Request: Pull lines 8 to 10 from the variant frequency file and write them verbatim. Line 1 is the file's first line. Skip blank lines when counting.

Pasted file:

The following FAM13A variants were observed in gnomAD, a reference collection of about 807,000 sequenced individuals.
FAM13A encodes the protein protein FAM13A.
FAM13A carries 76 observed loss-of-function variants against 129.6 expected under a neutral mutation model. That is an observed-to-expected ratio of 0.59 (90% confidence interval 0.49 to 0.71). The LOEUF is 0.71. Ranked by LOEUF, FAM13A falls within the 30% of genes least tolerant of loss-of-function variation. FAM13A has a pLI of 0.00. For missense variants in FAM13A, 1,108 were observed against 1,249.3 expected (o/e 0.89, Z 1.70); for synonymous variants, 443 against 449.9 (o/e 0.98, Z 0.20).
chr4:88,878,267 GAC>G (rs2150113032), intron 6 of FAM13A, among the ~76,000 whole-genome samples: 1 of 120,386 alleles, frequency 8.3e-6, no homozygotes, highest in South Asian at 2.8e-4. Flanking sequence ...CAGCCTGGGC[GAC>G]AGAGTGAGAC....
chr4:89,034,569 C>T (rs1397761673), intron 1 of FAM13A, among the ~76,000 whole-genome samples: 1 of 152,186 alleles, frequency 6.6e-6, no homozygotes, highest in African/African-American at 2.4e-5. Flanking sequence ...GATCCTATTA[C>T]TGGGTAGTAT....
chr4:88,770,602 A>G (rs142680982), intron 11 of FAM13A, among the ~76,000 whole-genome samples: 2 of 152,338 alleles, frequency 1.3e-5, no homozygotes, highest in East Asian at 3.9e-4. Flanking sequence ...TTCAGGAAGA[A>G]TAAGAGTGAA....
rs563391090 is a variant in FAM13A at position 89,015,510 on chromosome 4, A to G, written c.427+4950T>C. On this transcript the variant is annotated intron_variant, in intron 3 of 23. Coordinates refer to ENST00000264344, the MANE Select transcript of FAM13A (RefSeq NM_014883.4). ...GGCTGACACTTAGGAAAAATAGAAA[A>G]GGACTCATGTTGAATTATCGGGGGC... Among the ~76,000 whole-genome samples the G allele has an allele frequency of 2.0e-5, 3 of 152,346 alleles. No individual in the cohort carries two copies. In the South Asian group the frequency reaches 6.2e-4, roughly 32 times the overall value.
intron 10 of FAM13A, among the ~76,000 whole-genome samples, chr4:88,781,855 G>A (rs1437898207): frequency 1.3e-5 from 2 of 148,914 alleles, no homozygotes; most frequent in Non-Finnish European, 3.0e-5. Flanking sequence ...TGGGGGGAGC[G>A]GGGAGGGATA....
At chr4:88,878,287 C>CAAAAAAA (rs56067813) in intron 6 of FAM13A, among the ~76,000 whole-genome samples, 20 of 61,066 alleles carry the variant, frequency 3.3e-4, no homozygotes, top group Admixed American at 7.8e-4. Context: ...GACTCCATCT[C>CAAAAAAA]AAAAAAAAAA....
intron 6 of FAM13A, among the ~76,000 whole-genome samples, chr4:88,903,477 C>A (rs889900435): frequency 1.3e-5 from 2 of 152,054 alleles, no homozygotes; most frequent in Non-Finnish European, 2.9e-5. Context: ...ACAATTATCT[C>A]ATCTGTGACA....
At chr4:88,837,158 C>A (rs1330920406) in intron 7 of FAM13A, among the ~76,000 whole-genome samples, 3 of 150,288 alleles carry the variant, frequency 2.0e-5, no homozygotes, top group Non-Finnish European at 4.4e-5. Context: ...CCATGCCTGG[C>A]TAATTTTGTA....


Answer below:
intron 10 of FAM13A, among the ~76,000 whole-genome samples, chr4:88,781,855 G>A (rs1437898207): frequency 1.3e-5 from 2 of 148,914 alleles, no homozygotes; most frequent in Non-Finnish European, 3.0e-5. Flanking sequence ...TGGGGGGAGC[G>A]GGGAGGGATA....
At chr4:88,878,287 C>CAAAAAAA (rs56067813) in intron 6 of FAM13A, among the ~76,000 whole-genome samples, 20 of 61,066 alleles carry the variant, frequency 3.3e-4, no homozygotes, top group Admixed American at 7.8e-4. Context: ...GACTCCATCT[C>CAAAAAAA]AAAAAAAAAA....
intron 6 of FAM13A, among the ~76,000 whole-genome samples, chr4:88,903,477 C>A (rs889900435): frequency 1.3e-5 from 2 of 152,054 alleles, no homozygotes; most frequent in Non-Finnish European, 2.9e-5. Context: ...ACAATTATCT[C>A]ATCTGTGACA....